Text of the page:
‘Oh, you, two miserable men, why are you quarrelling over such a thing? The world will laugh at you. I advise you to go home and tie the mare to the cart. If the colt suckles the cart, then it is the cart’s colt, but if it suckles the mare, it is the mare’s.

The two men try it, but that damn colt suckles the mare and not the cart. The man with the cart gets angry, pulls the colt from under its mother and pushes it under the cart and says,
‘Dogs eat you up! If you were under my cart in the wood, be there now, too!
But the colt runs back to its mother.

When the king comes back from hunting, the two men go up to him again and tell him the story in details to the king himself. The king gets angry with the two men because they dared to bother him with such a foolish thing. He scolds the man with the cart and threatens him to have him hung up or his head chopped off if he ever insists on that the colt belongs to his cart. But he also gets very angry to his wife because she gave advice without his permission.

‘Now, my darling wife, you trustless poor girl, what resolution did you make when I married you? Did you tell me not to give advice to anybody? And now you did. But from now on you won’t eat from the same table as I will.
‘Whether I will or not, my darling husband, first I will make you a last dinner then I will leave’ – she says.

The queen makes the dinner and the king says,
‘After dinner have six horses harnessed into a coach, take whatever is the most precious for yourself and go wherever you like but you won’t live with me any longer.’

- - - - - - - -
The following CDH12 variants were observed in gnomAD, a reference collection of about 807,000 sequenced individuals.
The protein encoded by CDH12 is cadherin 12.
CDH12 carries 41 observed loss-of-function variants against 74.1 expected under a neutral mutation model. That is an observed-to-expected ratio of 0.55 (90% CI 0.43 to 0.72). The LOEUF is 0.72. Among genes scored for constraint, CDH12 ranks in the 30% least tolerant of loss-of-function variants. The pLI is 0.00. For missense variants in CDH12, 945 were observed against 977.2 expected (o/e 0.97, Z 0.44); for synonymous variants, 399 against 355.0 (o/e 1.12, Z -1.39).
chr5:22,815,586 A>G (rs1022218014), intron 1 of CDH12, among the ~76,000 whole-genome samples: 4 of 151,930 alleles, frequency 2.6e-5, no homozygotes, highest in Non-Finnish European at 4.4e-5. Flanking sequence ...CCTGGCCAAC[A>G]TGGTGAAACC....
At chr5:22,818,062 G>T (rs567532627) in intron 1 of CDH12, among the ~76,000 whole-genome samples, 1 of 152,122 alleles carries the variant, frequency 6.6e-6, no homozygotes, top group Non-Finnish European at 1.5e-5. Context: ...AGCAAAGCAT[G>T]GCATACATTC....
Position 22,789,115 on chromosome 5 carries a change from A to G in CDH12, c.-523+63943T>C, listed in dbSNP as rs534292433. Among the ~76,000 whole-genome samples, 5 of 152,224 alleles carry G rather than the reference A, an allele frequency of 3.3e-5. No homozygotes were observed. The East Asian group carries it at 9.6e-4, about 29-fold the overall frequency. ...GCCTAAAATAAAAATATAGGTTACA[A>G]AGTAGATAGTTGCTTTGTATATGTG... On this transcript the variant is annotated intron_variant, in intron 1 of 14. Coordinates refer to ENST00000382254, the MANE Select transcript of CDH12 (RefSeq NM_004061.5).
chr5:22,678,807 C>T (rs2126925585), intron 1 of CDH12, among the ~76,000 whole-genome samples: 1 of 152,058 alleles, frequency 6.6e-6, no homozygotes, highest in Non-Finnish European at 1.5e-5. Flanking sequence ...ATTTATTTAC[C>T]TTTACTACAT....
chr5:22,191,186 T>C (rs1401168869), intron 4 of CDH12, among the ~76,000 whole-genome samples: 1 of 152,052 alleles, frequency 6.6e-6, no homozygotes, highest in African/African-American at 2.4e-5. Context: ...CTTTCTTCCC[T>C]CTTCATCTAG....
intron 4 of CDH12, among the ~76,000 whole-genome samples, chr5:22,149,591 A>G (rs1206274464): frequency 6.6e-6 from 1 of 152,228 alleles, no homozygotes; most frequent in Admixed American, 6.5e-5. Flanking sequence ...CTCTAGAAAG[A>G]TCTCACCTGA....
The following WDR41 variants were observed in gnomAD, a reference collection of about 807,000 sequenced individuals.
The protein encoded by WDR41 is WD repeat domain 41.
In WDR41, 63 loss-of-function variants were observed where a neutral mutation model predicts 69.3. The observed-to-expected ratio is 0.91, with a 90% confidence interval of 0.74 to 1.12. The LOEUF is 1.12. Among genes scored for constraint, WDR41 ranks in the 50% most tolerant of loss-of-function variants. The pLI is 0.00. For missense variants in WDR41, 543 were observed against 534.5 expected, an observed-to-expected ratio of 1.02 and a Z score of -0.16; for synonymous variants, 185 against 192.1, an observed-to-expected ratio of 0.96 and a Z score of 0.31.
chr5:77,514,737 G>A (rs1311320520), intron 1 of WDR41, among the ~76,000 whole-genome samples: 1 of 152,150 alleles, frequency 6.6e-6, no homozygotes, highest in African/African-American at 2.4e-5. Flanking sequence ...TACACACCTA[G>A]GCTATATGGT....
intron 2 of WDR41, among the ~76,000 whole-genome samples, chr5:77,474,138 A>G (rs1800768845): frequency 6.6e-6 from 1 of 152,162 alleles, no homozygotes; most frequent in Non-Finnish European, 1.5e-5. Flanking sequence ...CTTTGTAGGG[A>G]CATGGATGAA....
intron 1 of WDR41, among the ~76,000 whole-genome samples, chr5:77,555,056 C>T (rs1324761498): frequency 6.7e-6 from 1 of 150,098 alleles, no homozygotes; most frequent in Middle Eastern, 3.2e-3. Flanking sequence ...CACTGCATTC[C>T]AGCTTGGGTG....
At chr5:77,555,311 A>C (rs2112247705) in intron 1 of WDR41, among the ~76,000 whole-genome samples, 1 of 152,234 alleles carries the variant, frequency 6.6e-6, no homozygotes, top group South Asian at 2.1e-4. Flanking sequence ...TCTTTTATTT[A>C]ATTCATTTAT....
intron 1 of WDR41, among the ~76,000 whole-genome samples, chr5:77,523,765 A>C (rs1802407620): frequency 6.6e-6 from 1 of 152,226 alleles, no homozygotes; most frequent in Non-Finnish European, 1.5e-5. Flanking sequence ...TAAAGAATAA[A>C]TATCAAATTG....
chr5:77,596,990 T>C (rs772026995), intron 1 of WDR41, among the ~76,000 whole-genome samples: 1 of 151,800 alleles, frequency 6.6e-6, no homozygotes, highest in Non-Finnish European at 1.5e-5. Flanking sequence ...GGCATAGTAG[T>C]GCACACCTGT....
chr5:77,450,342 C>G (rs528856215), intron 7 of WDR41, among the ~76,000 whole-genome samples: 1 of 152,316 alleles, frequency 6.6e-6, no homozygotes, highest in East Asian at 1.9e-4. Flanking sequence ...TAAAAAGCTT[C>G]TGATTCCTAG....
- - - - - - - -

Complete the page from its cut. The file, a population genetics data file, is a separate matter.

After dinner the queen has six horses harnessed into a coach. But she had already put some sleeping powder into the king’s drink and when he was sleeping fast had him put in the coach because her most precious thing was her husband.

She has been driving for two nights and three days when suddenly the king wakes up. He looks around and asks,
‘Where are you taking me, my darling wife?’
‘Do you know, my darling husband, what you have told me? You have told me that I can take the most precious thing with myself when I leave your palace. I have not got more precious thing than you, so now I am taking you with myself.’
‘God will pay you for it, my darling wife, but let’s stop and turn back home. I won’t disagree with you and won’t horn in your things any longer.’

So the return home safe and sound. The king gives a big feast. Plates and bowls were enough but one was a lucky man who got a drop of soup. The king and the queen still live if they haven’t died. Let them be your guests tomorrow!

More Hungarian Tales

If you liked this tale, you probably might like the one which is the tale of the Virgin star sign: The Hard-Working and the Lazy Girl.

If you have children in your family, you might find my other writing interesting: Tell Good Stories to Your Kids.

All your comments and experiences would be useful in my further studies of fairy tales. So, thank you for your contribution.


Advice, Clever, Folk Tale, Girl, Husband, Initiation, King, Libra, Quarrelling, Queen, Star Sign, Teaching, Wife, Wise, Woman, Women

Meet the author

author avatar Ibolya Lőrincz
I am from Hungary and I am a teacher at a secondary grammar school teaching Literature and English as a second language. I intend to write some book reviews about my favourites.
I have some nice and cute cats. I am planning to write their stories.
I ...(more)

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author avatar Rathnashikamani
4th Apr 2011 (#)

Good story, commendable effort.

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author avatar Ibolya Lőrincz
4th Apr 2011 (#)

Thanks for your appreciation, Rathnashikamani and I hope you will like my essay on this fairy tale: The Clever Girl – The Tale of the Star Sign of Libra.
Regards, Ibolya

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author avatar V. Kumar
13th Apr 2011 (#)

nice strory. very interesting,

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author avatar Ibolya Lőrincz
13th Apr 2011 (#)

Hi, V.Kumar,
I'm glad you like this story. It is my favourite, too.
Regards, Ibolya